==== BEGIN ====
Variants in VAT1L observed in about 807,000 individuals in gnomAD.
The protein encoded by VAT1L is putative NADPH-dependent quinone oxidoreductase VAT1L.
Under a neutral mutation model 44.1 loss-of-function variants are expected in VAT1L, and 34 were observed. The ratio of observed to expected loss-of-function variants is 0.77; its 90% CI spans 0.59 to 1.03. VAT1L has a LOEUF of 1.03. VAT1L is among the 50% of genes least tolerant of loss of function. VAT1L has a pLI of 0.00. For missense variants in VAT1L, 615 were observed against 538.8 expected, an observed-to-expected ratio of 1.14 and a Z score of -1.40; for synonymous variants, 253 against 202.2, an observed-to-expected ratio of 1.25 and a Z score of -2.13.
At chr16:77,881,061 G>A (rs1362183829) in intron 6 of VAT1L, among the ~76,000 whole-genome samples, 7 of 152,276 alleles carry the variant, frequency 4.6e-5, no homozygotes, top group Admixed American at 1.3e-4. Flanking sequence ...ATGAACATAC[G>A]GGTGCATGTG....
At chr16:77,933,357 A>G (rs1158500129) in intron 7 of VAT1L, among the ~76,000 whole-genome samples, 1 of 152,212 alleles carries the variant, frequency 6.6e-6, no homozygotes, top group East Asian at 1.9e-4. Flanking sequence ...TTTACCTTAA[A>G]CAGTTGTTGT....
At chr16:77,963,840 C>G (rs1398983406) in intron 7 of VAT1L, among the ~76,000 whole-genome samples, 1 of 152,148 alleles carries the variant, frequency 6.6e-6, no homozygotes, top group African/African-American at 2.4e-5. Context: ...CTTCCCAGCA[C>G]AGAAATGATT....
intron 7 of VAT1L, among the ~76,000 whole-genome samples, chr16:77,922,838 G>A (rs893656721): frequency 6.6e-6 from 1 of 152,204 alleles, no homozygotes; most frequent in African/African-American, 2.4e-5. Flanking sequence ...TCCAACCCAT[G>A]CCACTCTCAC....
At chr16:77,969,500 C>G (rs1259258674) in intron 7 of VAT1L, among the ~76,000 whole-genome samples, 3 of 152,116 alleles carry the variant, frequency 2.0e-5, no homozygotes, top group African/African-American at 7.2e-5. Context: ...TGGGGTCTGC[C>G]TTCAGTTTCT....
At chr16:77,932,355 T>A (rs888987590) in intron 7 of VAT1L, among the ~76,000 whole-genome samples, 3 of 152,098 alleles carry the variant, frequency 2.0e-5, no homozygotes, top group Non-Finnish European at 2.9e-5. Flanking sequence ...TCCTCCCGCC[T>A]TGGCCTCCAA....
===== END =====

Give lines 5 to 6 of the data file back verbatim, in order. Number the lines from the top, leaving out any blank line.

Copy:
At chr16:77,933,357 A>G (rs1158500129) in intron 7 of VAT1L, among the ~76,000 whole-genome samples, 1 of 152,212 alleles carries the variant, frequency 6.6e-6, no homozygotes, top group East Asian at 1.9e-4. Flanking sequence ...TTTACCTTAA[A>G]CAGTTGTTGT....
At chr16:77,963,840 C>G (rs1398983406) in intron 7 of VAT1L, among the ~76,000 whole-genome samples, 1 of 152,148 alleles carries the variant, frequency 6.6e-6, no homozygotes, top group African/African-American at 2.4e-5. Context: ...CTTCCCAGCA[C>G]AGAAATGATT....